How to Conduct a SWOT Analysis

SWOT stands for strength, weaknesses, opportunities, and threats. As a tool for strategic planning, SWOT analysis can be useful in plotting your next moves. It provides a comprehensive view of your advantages and disadvantages as well as the broader factors in the environment that you need to address or harness for your benefit. A SWOT analysis can be conducted in a variety of settings for various purposes. For instance, a SWOT analysis can be done in a personal context; that is, you can assess your own strengths and weaknesses as well as the threats and opportunities in the environment. But for convenience, this post focuses on SWOT analysis of an organization in a business context since this is a very common project assigned to students.

Preparation

Begin by identifying the organization that will be analyzed. In some cases, the professor will assign you a specific organization, ask you to choose one from a list of companies, or identify the industry and then let you choose your own organization. If the choice is left to you, opt for an organization that you are familiar with or one that is well-known. Being familiar with the organization will allow you to analyze it better as compared to an organization that you have very little knowledge about. Also, it will be easier for you to gather information about a well-known organization than an obscure one. For example, global brands such as H&M and Toyota are usually publicly traded and thus these companies regularly publish reports available to the public. Such companies also frequently feature in the news, journal articles, and business publications, thus giving you a wealth of information you can use in analysis. That said, avoid overused companies such as Apple, Starbucks, and Walmart unless you can provide a fresh perspective.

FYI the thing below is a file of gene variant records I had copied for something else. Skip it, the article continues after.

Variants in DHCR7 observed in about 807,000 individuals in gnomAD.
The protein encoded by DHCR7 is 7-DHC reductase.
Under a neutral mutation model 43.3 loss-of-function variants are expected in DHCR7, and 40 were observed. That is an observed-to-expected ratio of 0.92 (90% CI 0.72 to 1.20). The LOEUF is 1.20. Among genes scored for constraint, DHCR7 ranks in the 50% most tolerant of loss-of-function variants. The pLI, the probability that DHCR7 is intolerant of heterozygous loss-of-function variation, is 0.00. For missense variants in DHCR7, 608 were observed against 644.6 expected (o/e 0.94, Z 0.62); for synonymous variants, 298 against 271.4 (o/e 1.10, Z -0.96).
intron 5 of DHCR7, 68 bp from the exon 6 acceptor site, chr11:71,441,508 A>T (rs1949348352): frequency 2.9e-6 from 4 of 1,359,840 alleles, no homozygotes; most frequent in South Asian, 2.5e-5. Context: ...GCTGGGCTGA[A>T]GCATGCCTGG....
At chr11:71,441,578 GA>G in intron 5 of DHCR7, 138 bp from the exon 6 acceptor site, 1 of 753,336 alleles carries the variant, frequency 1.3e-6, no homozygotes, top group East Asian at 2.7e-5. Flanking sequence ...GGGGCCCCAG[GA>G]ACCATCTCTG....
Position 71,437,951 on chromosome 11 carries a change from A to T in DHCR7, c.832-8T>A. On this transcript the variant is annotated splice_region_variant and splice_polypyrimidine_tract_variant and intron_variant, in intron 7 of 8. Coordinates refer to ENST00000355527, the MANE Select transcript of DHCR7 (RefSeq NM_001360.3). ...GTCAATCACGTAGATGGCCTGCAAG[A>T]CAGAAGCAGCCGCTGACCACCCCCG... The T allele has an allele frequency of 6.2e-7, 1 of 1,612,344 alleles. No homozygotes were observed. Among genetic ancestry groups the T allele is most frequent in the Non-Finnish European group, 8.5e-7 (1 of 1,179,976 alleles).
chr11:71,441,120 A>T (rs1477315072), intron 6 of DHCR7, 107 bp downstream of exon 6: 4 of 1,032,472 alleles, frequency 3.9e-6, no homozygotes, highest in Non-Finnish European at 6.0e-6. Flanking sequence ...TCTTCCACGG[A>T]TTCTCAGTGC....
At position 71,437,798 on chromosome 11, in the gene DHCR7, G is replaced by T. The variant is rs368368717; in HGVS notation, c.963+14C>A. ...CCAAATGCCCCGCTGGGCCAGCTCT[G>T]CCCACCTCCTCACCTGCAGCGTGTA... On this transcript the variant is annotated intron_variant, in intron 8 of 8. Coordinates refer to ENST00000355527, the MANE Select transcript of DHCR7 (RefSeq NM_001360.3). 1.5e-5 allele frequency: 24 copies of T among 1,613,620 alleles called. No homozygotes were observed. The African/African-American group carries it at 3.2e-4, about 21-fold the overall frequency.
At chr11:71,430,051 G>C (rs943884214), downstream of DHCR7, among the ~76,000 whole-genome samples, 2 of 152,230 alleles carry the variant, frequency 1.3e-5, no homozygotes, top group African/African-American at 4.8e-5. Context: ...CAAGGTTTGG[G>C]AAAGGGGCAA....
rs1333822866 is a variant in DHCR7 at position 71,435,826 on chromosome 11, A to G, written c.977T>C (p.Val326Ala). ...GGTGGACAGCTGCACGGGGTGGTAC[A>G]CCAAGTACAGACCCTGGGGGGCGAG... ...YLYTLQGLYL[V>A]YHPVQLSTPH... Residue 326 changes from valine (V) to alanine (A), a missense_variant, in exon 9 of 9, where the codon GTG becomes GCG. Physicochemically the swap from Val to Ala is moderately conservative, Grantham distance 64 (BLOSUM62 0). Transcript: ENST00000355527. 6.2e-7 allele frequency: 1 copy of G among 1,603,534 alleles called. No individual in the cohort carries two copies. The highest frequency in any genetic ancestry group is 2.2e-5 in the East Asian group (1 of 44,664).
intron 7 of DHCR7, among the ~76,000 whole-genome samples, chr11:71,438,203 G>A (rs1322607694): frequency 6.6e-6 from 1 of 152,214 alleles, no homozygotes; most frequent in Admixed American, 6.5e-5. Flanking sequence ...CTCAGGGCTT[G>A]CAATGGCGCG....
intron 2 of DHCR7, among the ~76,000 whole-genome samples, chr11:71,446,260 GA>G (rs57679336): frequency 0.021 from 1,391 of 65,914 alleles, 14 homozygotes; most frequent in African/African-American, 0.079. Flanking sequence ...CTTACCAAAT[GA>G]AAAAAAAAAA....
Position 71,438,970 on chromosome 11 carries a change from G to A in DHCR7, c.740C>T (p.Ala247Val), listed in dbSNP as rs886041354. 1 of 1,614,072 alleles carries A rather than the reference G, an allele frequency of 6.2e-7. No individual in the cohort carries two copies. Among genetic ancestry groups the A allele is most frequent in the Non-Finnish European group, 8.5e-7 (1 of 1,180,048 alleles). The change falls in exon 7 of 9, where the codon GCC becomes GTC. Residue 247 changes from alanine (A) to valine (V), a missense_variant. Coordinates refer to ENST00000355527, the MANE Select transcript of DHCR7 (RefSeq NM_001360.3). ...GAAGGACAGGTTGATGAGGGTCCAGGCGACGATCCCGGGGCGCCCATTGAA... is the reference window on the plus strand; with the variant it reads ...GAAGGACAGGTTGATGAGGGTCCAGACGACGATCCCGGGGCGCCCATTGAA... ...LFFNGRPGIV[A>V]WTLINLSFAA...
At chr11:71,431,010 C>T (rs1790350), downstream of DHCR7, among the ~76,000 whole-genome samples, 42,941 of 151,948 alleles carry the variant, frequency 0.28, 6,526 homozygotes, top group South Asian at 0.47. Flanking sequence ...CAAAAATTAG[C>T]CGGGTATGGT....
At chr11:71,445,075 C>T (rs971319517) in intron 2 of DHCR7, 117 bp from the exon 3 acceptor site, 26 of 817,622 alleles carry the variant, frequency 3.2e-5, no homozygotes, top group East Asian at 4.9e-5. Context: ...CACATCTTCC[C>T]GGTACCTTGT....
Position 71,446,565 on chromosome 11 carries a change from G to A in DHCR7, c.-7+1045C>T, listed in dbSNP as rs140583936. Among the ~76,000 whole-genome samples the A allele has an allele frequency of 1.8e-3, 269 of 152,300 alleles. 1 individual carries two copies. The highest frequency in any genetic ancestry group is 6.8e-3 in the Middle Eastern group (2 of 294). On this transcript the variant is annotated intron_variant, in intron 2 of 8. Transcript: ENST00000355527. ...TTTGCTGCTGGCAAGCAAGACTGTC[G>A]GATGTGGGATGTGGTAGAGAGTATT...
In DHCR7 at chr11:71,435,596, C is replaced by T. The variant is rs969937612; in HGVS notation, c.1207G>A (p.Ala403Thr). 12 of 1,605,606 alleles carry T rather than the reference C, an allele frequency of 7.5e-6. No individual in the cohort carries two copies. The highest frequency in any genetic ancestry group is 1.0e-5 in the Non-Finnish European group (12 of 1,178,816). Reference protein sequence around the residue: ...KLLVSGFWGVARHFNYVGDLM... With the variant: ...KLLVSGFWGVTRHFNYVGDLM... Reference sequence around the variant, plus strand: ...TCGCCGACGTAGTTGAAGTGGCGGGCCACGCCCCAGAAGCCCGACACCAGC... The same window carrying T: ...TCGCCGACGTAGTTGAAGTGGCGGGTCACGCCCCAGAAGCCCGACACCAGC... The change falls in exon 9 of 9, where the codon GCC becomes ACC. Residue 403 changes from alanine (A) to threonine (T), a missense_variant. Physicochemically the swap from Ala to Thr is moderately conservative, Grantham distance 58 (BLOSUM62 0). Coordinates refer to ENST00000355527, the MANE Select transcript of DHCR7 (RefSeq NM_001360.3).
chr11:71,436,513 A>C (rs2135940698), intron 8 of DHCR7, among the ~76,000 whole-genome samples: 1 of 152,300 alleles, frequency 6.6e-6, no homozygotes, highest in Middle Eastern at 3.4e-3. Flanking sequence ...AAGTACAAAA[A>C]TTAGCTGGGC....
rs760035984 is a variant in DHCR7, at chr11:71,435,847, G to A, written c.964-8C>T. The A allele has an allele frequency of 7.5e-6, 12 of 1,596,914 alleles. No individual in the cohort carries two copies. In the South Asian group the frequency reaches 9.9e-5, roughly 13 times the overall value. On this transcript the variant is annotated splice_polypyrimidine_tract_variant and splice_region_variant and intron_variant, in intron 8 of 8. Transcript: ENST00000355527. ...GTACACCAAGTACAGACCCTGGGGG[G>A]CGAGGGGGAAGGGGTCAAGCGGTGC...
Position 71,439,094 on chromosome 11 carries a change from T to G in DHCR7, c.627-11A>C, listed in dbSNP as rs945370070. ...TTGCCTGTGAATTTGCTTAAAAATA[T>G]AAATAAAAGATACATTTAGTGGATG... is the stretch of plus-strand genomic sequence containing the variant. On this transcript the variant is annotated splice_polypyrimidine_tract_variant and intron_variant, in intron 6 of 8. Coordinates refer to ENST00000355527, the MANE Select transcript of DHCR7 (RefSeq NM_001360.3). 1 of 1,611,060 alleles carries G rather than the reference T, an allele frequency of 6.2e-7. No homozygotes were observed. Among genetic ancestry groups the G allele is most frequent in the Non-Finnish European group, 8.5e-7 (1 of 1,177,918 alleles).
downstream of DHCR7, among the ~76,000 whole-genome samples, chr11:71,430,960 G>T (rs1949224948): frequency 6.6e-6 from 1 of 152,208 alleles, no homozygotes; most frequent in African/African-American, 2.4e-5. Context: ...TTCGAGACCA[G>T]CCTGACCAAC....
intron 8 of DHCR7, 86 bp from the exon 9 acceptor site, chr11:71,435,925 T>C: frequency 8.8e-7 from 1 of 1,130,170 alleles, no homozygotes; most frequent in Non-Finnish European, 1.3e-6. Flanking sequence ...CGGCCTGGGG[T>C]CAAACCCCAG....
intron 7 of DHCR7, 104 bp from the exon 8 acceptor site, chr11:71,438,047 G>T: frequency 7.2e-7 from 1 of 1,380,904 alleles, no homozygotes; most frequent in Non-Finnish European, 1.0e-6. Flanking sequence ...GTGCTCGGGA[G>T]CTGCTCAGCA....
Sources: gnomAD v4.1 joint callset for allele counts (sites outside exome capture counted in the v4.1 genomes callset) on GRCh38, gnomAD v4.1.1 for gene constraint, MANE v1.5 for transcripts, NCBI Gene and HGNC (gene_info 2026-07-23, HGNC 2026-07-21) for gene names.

swot analysis business strengths weaknesses opportunities threatsStrengths

As the term itself suggests, strengths are the attributes of an organization that give it advantages or a competitive edge over others. Strengths are internal factors, which means that they have to exist within the organization. Examples of strengths include a large market share, a loyal clientele, advanced technology, a strong research and development program, a consolidated supply chain, and even an excellent reputation or a well-developed value proposition. When analyzing the company’s strengths, try asking questions such as:

  • Where does the company excel?
  • How do its clientele and the general public perceive it?
  • What does the company do better than any of its competitors?
  • What makes the company successful?
  • Which assets, tangible and intangible, give it an edge in the competition?

Weaknesses

As opposed to strengths, weaknesses are internal attributes that prevent a company from optimizing its performance. These factors can be problems in the company’s operations or areas that require further improvement. Examples of weaknesses include a high turnover rate, problematic organizational culture, weak leadership, and an unfavorable reputation among others. Some questions to ask when analyzing weaknesses include: